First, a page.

The OSP and You

by Richard Wilder on July 25, 2008 06:15am

I am the Associate General Counsel for Intellectual Property Policy at Microsoft, having joined the company about 9 months ago. My role is to work with a variety of constituencies inside the company and outside to help shape the approach we take to intellectual property. I am new to the company and cannot take credit for it, but am very pleased that in recent years, Microsoft has made progress in participating with open source communities. A part of that has been the implementation of the Open Specification Promise (OSP), which was launched in 2006. We think it is a simple and clear way to assure that the broadest audience of developers and customers working with commercial or open source software can implement specifications. We constantly listen to feedback from community representatives and respond to that feedback – through Q&A’s on the OSP page and directly to the community. Andy Oliver made some positive comments in this regard as recently as yesterday. When asked for clarification of the OSP with respect to the activities of Apache POI, we responded. The concerns were about implementations of specifications covered by the OSP that may be less than fully compliant – in particular due to implementation bugs. Such a situation is not explicitly covered by the OSP since it is meant to apply to a wide range of technologies and development models and it is simply not possible to address all specific situations in which it would apply. We addressed this situation in the following manner – and I apologize if the explanation is a bit technical, but I will try to avoid too much legal jargon.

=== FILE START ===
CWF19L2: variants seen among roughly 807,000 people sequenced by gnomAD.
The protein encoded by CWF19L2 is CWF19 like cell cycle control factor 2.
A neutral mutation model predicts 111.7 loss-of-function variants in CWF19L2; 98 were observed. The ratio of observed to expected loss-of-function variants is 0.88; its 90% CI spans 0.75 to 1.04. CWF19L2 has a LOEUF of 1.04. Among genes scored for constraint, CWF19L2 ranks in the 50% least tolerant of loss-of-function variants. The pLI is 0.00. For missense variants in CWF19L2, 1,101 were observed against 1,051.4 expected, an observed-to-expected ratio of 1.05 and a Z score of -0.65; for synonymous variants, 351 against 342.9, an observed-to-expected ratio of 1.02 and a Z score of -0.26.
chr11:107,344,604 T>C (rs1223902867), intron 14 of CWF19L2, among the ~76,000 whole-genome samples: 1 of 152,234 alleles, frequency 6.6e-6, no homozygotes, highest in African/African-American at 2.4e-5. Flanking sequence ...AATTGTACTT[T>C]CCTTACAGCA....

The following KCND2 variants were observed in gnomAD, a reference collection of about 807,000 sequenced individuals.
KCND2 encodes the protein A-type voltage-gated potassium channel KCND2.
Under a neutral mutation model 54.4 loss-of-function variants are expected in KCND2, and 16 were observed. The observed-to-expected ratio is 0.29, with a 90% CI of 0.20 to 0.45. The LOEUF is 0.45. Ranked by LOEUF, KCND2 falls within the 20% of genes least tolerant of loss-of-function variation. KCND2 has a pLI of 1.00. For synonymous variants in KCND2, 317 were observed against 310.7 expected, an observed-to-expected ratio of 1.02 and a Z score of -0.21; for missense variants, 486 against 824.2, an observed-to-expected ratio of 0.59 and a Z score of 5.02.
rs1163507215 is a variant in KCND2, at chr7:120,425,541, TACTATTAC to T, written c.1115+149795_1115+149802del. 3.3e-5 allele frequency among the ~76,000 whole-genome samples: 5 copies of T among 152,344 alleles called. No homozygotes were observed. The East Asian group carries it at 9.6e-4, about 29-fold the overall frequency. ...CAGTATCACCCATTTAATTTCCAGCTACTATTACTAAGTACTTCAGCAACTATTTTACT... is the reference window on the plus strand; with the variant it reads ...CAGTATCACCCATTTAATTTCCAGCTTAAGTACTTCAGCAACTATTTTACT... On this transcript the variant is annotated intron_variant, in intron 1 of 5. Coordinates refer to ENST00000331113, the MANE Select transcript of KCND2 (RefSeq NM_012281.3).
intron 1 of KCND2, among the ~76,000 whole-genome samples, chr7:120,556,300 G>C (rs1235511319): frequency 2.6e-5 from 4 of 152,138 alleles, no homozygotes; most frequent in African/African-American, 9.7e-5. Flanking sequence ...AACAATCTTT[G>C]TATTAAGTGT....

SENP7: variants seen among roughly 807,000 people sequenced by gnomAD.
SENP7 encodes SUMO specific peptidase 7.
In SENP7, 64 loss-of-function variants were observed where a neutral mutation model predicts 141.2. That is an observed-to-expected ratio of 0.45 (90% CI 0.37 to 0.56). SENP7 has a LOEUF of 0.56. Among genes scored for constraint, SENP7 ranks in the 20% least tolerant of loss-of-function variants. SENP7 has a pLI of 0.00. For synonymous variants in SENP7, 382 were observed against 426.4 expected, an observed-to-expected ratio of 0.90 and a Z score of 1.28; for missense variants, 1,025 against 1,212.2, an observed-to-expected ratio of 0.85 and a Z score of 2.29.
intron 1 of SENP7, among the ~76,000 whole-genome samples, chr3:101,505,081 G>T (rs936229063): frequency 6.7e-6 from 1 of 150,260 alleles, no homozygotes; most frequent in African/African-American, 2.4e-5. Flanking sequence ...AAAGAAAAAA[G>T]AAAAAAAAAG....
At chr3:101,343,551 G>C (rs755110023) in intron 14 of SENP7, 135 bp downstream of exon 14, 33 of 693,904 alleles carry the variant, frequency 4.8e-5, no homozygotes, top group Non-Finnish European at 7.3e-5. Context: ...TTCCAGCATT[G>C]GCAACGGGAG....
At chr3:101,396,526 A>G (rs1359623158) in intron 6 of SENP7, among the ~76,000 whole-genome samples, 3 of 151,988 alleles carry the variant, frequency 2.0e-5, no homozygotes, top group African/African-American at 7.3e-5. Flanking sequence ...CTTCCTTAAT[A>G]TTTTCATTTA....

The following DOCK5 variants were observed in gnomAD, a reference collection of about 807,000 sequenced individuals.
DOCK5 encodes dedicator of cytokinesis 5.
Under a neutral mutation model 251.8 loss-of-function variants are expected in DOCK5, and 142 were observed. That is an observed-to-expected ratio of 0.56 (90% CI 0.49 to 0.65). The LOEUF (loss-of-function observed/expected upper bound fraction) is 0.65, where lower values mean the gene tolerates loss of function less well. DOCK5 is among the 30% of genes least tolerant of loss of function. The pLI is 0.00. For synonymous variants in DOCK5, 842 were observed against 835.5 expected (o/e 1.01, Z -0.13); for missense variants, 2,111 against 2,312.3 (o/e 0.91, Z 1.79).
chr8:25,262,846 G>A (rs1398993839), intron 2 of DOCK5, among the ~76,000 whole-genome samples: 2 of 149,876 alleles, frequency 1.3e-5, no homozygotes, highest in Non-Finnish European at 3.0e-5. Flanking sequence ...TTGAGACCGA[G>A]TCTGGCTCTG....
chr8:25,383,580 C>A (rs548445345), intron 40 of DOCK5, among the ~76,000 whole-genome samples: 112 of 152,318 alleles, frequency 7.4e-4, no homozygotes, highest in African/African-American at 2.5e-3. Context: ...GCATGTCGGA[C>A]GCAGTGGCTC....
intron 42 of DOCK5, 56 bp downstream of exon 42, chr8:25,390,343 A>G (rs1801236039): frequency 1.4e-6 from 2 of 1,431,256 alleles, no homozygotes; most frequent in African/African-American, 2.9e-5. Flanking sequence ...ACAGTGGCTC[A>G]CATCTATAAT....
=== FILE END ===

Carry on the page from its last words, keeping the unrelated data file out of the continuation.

The OSP says that it covers "any implementation to the extent it conforms to a Covered Specification" which addresses the heart of the conformance issue that was raised." To the extent it conforms" means that we do not require an implementation to be perfect; this can be because of implementation bugs or an intentional choice because the requirements of the particular implementation do not actually require full conformance. Under the OSP, implementations can be less than fully compliant. For example, a given implementation that takes a spreadsheet document, extracts information from it, and stores that information in a relational database might not comply with every required part of the spreadsheet document format but such an implementation would still be covered by the OSP.  By way of comparison, other promises in the industry may require complete conformance for the promise to apply, and those normally require full compliance as a condition (see IBM's Interoperability Specifications Pledge).  Some others make no statement about the subject at all, leaving it an open question as to whether full compliance is required.  At Microsoft, we felt that unless we indicated that the OSP is more flexible, some might conservatively assume that complete compliance is required, so we included the “extent it conforms” language in the OSP.  We chose to state explicitly that partially conformant implementations are covered, to the extent they are conformant in their individual implementation aspects.

As a result of this clarification, developers can have peace of mind that the specifications covered by the OSP, are, in fact, openly available without ambiguity. This is the kind of conversation and cooperation that marks our intentions with the open source community, and I look forward to continuing this dialogue into the future.


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